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動画の字幕をクリックしてすぐ単語の意味を調べられます!
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I just came back from a community
that holds the secret to human survival.
It's a place where women run the show,
have sex to say hello,
and play rules the day --
where fun is serious business.
And no, this isn't Burning Man
or San Francisco.
(Laughter)
Ladies and gentlemen, meet your cousins.
This is the world of wild bonobos
in the jungles of Congo.
Bonobos are, together with chimpanzees,
your living closest relative.
That means we all share a common ancestor,
an evolutionary grandmother,
who lived around six million years ago.
Now, chimpanzees are well-known
for their aggression.
(Laughter)
But unfortunately,
we have made too much of an emphasis
of this aspect
in our narratives of human evolution.
But bonobos show us
the other side of the coin.
While chimpanzees
are dominated by big, scary guys,
bonobo society
is run by empowered females.
These guys have really worked something out,
since this leads to a highly tolerant society
where fatal violence
has not been observed yet.
But unfortunately,
bonobos are the least understood
of the great apes.
They live in the depths of the Congolese jungle,
and it has been very difficult to study them.
The Congo is a paradox --
a land of extraordinary biodiversity and beauty,
but also the heart of darkness itself --
the scene of a violent conflict
that has raged for decades
and claimed nearly as many lives
as the First World War.
Not surprisingly,
this destruction also endangers bonobo survival.
Bushmeat trades and forest loss
means we couldn't fill a small stadium
with all the bonobos that are left in the world --
and we're not even sure of that to be honest.
Yet, in this land of violence and chaos,
you can hear hidden laughter
swaying the trees.
Who are these cousins?
We know them as the "make love, not war" apes
since they have frequent, promiscuous
and bisexual sex
to manage conflict
and solve social issues.
Now, I'm not saying this is the solution
to all of humanity's problems --
since there's more to bonobo life
than the Kama Sutra.
Bonobos, like humans,
love to play throughout their entire lives.
Play is not just child's games.
For us and them,
play is foundational for bonding relationships
and fostering tolerance.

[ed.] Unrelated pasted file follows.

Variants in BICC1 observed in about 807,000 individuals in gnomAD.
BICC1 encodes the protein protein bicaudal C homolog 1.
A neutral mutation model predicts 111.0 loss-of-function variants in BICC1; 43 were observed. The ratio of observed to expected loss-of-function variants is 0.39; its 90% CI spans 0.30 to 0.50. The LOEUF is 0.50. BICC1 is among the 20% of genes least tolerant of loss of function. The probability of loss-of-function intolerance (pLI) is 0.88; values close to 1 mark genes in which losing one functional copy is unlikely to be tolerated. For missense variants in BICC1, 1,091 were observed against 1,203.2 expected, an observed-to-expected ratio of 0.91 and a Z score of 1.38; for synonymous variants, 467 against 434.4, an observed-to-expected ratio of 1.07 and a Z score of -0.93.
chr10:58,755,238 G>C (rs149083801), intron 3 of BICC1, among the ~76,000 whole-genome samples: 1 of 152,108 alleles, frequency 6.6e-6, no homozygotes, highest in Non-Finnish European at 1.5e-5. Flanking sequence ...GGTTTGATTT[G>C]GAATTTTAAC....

It's where we learn to trust
and where we learn about the rules of the game.
Play increases creativity
and resilience,
and it's all about the generation of diversity --
diversity of interactions,
diversity of behaviors,
diversity of connections.
And when you watch bonobo play,
you're seeing the very evolutionary roots
of human laughter, dance
and ritual.
Play is the glue
that binds us together.
Now, I don't know how you play,
but I want to show you a couple of unique clips
fresh from the wild.
First, it's a ball game bonobo-style --
and I do not mean football.
So here,
we have a young female and a male
engaged in a chase game.
Have a look what she's doing.
It might be the evolutionary origin of the phrase,
"she's got him by the balls."
(Laughter)
Only I think that he's rather loving it here, right?
Yeah.
(Laughter)
So sex play is common
in both bonobos and humans.
And this video is really interesting
because it shows --
this video's really interesting
because it shows the inventiveness
of bringing unusual elements into play --
such as testicles --
and also how play both requires trust
and fosters trust --
while at the same time being tremendous fun.
But play's a shapeshifter.
(Laughter)
Play's a shapeshifter,
and it can take many forms,
some of which are more quiet,
imaginative, curious --
maybe where wonder is discovered anew.
And I want you to see,
this is Fuku, a young female,
and she is quietly playing with water.
I think, like her,
we sometimes play alone,
and we explore the boundaries
of our inner and our outer worlds.
And it's that playful curiosity
that drives us to explore, drives us to interact,
and then the unexpected connections we form
are the real hotbed for creativity.
So these are just small tasters
into the insights that bonobo give us
to our past and present.
But they also hold a secret for our future,
a future where we need to adapt
to an increasingly challenging world
through greater creativity
and greater cooperation.
The secret is that play is the key
to these capacities.
In other words,
play is our adaptive wildcard.
In order to adapt successfully
to a changing world,
we need to play.
But will we make the most of our playfulness?
Play is not frivolous.
Play's essential.
For bonobos and humans alike,
life is not just red in tooth and claw.
In times when it seems least appropriate to play,
it might be the times when it is most urgent.
And so, my fellow primates,
let us embrace this gift from evolution
and play together,
as we rediscover creativity,
fellowship and wonder.
Thank you.
(Applause)
コツ:単語をクリックしてすぐ意味を調べられます!

読み込み中…

【TED】イザベル・ベーンケ:ボノボから人間へ、遊びという進化の贈り物 (Isabel Behncke: Evolution's gift of play, from bonobo apes to humans)

111 タグ追加 保存
Zenn 2017 年 2 月 26 日 に公開
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